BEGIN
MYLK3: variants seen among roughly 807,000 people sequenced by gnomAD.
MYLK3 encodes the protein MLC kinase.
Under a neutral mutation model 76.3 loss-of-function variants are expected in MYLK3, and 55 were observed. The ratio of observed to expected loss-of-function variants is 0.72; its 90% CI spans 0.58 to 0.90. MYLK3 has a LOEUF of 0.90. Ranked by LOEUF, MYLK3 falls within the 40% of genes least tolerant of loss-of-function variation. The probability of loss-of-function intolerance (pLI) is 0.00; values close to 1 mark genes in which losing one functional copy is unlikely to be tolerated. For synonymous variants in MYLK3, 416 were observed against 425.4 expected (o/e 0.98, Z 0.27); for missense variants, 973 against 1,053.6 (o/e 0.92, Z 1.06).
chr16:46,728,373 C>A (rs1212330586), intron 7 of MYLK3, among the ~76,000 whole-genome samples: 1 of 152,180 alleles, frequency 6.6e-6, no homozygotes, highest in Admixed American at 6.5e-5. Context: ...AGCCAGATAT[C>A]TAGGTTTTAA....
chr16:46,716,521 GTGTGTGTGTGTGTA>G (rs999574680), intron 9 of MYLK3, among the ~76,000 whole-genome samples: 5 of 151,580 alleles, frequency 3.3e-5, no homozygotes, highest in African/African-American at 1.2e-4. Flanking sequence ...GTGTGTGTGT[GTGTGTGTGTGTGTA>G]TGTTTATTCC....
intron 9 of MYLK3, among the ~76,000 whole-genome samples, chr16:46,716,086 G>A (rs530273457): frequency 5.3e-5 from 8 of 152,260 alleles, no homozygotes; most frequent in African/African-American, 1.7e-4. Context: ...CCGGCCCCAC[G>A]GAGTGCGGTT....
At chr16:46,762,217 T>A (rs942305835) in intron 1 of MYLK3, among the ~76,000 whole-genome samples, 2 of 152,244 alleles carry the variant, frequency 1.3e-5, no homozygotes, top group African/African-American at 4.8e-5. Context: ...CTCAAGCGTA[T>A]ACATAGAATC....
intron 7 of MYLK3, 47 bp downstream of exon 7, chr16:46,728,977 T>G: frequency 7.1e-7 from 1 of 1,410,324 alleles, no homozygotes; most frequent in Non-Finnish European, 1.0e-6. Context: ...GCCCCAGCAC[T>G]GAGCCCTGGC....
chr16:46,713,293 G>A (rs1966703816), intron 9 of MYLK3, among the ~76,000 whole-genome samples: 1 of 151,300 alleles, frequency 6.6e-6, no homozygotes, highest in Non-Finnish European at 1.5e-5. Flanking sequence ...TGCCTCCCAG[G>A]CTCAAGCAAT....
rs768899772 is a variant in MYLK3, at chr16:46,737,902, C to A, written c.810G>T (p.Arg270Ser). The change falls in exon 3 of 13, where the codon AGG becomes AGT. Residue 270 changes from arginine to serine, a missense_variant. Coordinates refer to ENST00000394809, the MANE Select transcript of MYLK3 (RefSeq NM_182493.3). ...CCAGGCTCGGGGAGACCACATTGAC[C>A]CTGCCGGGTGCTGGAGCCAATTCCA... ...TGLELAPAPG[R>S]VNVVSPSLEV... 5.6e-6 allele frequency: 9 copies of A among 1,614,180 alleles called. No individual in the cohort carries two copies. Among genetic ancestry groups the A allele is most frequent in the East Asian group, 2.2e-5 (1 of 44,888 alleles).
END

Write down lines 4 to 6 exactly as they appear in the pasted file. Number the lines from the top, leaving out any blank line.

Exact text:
chr16:46,728,373 C>A (rs1212330586), intron 7 of MYLK3, among the ~76,000 whole-genome samples: 1 of 152,180 alleles, frequency 6.6e-6, no homozygotes, highest in Admixed American at 6.5e-5. Context: ...AGCCAGATAT[C>A]TAGGTTTTAA....
chr16:46,716,521 GTGTGTGTGTGTGTA>G (rs999574680), intron 9 of MYLK3, among the ~76,000 whole-genome samples: 5 of 151,580 alleles, frequency 3.3e-5, no homozygotes, highest in African/African-American at 1.2e-4. Flanking sequence ...GTGTGTGTGT[GTGTGTGTGTGTGTA>G]TGTTTATTCC....
intron 9 of MYLK3, among the ~76,000 whole-genome samples, chr16:46,716,086 G>A (rs530273457): frequency 5.3e-5 from 8 of 152,260 alleles, no homozygotes; most frequent in African/African-American, 1.7e-4. Context: ...CCGGCCCCAC[G>A]GAGTGCGGTT....